WA2 (Four Bays)

Working with 31/44 Architects, the site for our second project offers an opportunity to examine and re-interpret aspects of Whitstable’s various residential typologies with a frontage development of 2 houses and 6 apartments.

The primary intention here is to achieve a quiet form, which adds coherence and a recognisable local distinctiveness to a disorganised street scene, without imposing uniformity. We aim to respond to the variety, scale and rhythms of the road such that a chronically underused site achieves a more appropriate density without appearing cramped or assertive in scale.

However, quietness in form needn’t mean anonymity, and certainly not imitation. Instead, the buildings will present a semi-detached (or paired) gabled and bay-fronted form with precision and a subtle shift in materials. The predominant red brick walls and slate roof will echo the adjacent Edwardian terrace, but bay windows made of pigmented concrete and slender metal will reference the multistorey masonry/timber bay windows of nearby Cromwell Road.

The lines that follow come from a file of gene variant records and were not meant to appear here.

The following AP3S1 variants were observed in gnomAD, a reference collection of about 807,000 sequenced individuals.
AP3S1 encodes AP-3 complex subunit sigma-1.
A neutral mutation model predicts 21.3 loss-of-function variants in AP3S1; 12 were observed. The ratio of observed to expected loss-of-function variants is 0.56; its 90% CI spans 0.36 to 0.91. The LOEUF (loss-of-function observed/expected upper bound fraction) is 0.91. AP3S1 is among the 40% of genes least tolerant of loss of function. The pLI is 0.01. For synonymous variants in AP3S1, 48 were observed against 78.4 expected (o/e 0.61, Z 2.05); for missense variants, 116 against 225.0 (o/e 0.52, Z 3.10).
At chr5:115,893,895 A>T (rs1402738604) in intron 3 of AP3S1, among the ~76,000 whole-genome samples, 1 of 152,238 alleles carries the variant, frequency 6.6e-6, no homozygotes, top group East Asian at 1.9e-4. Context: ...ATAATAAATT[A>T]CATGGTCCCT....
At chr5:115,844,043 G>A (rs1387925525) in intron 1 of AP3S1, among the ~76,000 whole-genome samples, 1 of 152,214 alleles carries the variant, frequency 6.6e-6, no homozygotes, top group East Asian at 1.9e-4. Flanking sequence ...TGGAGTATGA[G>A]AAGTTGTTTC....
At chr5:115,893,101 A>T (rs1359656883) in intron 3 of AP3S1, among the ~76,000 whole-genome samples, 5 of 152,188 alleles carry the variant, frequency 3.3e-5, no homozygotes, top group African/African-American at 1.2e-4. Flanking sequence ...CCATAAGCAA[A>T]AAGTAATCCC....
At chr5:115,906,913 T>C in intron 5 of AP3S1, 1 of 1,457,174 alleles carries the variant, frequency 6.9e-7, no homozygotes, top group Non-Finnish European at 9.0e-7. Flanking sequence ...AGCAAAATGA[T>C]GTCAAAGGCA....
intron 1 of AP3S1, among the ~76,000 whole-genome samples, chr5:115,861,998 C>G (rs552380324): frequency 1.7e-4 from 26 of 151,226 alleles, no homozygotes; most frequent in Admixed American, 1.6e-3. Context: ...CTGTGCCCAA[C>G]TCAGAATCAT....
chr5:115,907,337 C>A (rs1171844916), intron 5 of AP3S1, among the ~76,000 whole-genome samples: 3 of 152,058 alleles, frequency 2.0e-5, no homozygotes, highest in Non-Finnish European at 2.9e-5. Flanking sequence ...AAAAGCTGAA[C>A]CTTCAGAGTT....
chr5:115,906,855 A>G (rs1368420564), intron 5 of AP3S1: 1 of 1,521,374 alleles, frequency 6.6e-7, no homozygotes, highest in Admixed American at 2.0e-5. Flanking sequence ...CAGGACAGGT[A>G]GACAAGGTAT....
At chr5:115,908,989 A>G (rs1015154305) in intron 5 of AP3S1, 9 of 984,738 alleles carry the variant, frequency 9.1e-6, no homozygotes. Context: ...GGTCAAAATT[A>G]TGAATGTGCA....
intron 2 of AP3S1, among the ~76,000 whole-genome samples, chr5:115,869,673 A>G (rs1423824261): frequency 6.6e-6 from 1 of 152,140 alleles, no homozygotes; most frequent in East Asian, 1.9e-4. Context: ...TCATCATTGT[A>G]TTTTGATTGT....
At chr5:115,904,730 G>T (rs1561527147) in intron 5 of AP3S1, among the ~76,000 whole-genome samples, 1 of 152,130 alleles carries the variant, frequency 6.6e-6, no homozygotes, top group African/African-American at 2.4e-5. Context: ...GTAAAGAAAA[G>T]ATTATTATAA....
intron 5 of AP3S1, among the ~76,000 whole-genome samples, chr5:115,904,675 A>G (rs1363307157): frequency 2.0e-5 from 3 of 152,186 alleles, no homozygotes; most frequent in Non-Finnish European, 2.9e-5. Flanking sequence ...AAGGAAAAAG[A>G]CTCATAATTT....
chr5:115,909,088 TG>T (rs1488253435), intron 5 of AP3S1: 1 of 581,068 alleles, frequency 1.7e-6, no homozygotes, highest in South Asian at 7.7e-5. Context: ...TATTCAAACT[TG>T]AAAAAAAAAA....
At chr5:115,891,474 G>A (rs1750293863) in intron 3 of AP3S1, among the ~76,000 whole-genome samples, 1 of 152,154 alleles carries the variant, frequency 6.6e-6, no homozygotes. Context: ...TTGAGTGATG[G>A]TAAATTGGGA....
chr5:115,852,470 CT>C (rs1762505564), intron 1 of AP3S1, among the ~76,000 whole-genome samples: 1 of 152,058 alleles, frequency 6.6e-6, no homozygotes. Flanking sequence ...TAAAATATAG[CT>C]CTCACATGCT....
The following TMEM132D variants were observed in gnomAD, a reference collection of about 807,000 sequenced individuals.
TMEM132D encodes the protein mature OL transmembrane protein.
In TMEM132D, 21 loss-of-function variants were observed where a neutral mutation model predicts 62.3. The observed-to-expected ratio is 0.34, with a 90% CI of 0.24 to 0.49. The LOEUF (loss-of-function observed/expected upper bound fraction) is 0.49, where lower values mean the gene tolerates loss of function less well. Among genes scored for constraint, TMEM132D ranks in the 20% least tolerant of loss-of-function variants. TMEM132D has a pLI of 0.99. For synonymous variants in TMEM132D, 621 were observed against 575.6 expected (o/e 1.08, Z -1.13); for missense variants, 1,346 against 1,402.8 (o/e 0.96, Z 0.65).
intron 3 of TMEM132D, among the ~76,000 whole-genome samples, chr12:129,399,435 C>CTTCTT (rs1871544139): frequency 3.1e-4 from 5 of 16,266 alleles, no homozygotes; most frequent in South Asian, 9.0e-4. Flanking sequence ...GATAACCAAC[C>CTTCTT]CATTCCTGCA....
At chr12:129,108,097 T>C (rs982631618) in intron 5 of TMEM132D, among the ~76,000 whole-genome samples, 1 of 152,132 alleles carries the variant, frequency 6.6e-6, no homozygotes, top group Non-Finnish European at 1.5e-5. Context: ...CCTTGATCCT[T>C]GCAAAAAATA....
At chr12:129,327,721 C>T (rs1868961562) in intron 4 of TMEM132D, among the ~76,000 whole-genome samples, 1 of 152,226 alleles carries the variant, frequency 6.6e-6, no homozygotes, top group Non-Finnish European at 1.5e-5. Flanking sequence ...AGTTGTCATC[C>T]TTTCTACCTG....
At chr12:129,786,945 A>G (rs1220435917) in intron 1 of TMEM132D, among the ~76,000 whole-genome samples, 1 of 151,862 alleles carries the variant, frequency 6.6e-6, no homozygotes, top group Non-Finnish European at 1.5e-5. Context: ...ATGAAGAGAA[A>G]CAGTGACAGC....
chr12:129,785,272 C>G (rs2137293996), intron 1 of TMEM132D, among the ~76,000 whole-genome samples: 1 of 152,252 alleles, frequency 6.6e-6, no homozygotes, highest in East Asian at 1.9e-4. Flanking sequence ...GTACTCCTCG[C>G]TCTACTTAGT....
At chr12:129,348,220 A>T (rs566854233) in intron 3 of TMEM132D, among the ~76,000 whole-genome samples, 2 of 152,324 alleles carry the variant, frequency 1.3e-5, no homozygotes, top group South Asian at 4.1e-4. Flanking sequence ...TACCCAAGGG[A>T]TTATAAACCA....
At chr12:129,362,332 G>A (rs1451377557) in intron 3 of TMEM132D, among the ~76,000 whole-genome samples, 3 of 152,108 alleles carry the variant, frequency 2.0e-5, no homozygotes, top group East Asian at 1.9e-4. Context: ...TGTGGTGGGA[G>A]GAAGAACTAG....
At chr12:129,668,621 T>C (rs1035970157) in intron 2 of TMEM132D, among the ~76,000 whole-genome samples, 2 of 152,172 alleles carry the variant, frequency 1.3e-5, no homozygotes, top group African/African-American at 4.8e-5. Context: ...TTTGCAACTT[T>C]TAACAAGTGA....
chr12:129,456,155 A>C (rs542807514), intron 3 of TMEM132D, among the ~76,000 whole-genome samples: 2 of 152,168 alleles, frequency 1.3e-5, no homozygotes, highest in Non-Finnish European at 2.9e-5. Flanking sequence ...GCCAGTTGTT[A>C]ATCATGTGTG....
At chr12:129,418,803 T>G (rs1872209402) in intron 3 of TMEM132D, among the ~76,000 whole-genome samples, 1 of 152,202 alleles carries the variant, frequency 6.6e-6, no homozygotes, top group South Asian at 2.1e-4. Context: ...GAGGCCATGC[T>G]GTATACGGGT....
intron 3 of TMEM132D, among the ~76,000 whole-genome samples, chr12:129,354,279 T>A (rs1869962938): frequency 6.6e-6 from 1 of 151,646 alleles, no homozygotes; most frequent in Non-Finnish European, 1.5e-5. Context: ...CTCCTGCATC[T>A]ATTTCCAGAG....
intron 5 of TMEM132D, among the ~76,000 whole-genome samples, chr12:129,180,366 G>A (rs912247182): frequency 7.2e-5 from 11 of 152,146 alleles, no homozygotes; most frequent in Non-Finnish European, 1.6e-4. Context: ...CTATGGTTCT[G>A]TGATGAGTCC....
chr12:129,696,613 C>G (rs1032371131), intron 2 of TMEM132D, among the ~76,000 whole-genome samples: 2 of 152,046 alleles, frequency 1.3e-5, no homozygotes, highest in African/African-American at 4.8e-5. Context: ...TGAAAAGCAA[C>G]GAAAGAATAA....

Cromwell Road and others nearby also feature a multitude of decorative approaches to the bay window, with faience tiles, decorative wood turning and paint colours used to distinguish individual houses within the terrace or pair. With this project, ideas about domestic and individual embellishment and adornment take the place of the more civic-minded adornments of Haddo Yard. Red House in East Dulwich, also with 31/44 Architects, is another influence on ideas about using decoration to strengthen the experience of arrival, threshold and entrance.

Emerging policy encourages apartments in sustainable locations but stipulates that on roads where other multi-unit development does not feature, new development should respect the scale of the existing housing. This policy position was taken as a starting point and led to a massing approach where the two buildings have a near identical presence in the street. However, one is a pair of semi-detached houses, the other is six apartments. The effect is that a rich mix of units is achieved without it being explicit in the massing – like the tenements and townhouses of New Town Edinburgh. The Flats are legible only in the single entrance door, the asymmetry of which acknowledges the subversion of the form.

Full planning permission was granted for the project in May 2016.